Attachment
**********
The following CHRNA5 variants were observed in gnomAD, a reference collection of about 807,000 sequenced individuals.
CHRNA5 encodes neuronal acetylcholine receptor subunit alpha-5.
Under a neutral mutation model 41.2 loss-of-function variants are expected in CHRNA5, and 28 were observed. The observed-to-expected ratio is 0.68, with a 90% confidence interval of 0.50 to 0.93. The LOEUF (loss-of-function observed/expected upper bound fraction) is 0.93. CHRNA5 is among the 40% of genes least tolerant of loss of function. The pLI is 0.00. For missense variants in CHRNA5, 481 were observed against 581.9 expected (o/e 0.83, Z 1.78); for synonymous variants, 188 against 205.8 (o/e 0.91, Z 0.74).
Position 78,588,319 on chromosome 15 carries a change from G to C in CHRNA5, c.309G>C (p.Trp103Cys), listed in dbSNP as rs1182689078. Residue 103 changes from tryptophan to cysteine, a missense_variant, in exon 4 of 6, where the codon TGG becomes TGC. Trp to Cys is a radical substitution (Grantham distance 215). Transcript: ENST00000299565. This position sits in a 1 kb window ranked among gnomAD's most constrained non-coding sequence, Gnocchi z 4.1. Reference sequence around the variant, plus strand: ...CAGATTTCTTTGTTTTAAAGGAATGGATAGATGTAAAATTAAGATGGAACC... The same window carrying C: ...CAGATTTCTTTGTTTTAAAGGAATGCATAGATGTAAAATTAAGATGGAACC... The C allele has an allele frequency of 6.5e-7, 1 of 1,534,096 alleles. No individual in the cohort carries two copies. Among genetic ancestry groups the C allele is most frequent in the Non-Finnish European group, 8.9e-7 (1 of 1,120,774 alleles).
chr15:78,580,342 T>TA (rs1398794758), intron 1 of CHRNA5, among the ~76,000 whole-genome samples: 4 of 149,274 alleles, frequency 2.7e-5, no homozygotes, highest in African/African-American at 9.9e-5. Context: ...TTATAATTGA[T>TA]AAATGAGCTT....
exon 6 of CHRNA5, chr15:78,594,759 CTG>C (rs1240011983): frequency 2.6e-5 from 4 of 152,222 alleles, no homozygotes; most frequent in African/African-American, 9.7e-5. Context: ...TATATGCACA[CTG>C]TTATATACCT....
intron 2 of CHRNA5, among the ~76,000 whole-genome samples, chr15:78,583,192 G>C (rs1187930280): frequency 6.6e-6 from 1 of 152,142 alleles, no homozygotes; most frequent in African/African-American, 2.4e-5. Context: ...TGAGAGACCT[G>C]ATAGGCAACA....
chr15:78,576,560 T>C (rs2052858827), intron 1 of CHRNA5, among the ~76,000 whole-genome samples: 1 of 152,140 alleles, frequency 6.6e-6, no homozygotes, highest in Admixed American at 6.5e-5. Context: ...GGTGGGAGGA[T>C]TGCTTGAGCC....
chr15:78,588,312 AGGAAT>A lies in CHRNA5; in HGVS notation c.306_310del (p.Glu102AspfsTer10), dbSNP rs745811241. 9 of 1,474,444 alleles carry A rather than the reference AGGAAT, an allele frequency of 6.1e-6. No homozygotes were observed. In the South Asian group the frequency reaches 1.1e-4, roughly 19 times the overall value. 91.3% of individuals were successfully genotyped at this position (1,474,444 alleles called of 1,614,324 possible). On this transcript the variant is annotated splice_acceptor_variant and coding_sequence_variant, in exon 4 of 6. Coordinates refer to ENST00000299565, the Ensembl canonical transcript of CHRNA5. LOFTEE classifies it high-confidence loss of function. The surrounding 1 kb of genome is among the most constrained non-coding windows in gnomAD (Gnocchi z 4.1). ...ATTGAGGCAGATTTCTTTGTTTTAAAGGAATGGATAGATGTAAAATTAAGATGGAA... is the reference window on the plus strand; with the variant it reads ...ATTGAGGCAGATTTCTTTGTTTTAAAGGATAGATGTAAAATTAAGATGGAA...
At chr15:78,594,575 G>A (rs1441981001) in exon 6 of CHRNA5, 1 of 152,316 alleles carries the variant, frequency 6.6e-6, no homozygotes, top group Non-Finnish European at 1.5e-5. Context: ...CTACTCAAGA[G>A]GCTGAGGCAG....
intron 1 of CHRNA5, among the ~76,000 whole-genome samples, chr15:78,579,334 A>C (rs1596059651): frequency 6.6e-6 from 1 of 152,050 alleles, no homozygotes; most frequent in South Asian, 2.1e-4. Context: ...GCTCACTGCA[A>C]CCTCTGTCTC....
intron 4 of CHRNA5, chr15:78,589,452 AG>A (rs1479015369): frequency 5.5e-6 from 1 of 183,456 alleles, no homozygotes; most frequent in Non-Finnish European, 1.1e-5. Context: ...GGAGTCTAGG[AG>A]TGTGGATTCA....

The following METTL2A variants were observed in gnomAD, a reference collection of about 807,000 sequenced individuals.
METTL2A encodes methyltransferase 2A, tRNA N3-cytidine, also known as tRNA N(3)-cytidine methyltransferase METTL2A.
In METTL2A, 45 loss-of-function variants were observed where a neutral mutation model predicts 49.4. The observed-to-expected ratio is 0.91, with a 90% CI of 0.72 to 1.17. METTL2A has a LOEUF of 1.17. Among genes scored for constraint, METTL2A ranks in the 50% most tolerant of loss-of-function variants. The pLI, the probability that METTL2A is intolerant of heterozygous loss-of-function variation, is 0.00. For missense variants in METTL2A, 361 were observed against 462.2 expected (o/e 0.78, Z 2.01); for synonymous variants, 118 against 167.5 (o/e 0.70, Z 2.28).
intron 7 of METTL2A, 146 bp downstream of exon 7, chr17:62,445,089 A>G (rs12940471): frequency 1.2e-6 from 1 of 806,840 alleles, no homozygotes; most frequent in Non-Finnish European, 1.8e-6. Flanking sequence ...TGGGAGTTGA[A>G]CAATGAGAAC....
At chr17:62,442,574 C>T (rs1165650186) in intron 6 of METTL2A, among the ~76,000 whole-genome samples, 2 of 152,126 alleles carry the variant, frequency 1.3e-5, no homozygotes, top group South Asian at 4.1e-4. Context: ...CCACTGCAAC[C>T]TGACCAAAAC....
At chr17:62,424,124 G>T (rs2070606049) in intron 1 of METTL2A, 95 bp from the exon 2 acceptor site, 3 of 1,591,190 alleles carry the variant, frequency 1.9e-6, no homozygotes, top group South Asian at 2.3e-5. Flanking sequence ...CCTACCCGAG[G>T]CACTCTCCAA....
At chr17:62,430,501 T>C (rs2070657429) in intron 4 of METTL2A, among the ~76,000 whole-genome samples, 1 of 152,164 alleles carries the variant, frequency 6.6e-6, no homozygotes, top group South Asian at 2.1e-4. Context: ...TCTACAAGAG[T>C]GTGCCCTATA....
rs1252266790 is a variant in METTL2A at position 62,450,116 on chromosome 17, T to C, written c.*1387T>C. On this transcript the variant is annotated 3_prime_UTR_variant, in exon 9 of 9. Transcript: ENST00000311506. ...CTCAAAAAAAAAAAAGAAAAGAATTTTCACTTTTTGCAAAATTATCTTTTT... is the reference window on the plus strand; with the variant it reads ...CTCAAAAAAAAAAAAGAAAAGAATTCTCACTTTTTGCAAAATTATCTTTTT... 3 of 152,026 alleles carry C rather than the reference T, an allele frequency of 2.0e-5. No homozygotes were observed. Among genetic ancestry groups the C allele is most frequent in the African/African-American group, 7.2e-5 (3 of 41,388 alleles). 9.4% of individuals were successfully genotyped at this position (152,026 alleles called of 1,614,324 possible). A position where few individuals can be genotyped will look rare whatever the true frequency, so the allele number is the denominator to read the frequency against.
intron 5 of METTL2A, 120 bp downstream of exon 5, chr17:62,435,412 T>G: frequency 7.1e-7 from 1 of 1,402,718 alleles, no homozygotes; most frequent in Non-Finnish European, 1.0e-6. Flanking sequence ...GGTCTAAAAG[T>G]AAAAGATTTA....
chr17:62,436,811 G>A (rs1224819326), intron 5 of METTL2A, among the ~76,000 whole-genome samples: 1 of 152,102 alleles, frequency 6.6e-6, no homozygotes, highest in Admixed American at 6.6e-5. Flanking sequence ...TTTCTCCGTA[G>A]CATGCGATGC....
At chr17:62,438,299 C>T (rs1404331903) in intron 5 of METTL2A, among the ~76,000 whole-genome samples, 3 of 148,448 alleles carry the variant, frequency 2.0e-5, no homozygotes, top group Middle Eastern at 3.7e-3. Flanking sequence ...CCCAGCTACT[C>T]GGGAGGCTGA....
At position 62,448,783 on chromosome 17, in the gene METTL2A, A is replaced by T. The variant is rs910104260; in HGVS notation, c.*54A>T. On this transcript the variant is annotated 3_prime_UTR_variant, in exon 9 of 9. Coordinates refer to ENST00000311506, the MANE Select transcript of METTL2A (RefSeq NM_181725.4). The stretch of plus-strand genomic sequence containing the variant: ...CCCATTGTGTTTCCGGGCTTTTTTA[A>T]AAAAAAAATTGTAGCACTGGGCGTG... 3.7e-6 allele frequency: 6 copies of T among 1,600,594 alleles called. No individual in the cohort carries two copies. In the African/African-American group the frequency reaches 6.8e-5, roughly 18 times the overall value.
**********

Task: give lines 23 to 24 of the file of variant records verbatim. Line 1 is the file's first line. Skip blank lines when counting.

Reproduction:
At chr17:62,438,299 C>T (rs1404331903) in intron 5 of METTL2A, among the ~76,000 whole-genome samples, 3 of 148,448 alleles carry the variant, frequency 2.0e-5, no homozygotes, top group Middle Eastern at 3.7e-3. Flanking sequence ...CCCAGCTACT[C>T]GGGAGGCTGA....
At position 62,448,783 on chromosome 17, in the gene METTL2A, A is replaced by T. The variant is rs910104260; in HGVS notation, c.*54A>T. On this transcript the variant is annotated 3_prime_UTR_variant, in exon 9 of 9. Coordinates refer to ENST00000311506, the MANE Select transcript of METTL2A (RefSeq NM_181725.4). The stretch of plus-strand genomic sequence containing the variant: ...CCCATTGTGTTTCCGGGCTTTTTTA[A>T]AAAAAAAATTGTAGCACTGGGCGTG... 3.7e-6 allele frequency: 6 copies of T among 1,600,594 alleles called. No individual in the cohort carries two copies. In the African/African-American group the frequency reaches 6.8e-5, roughly 18 times the overall value.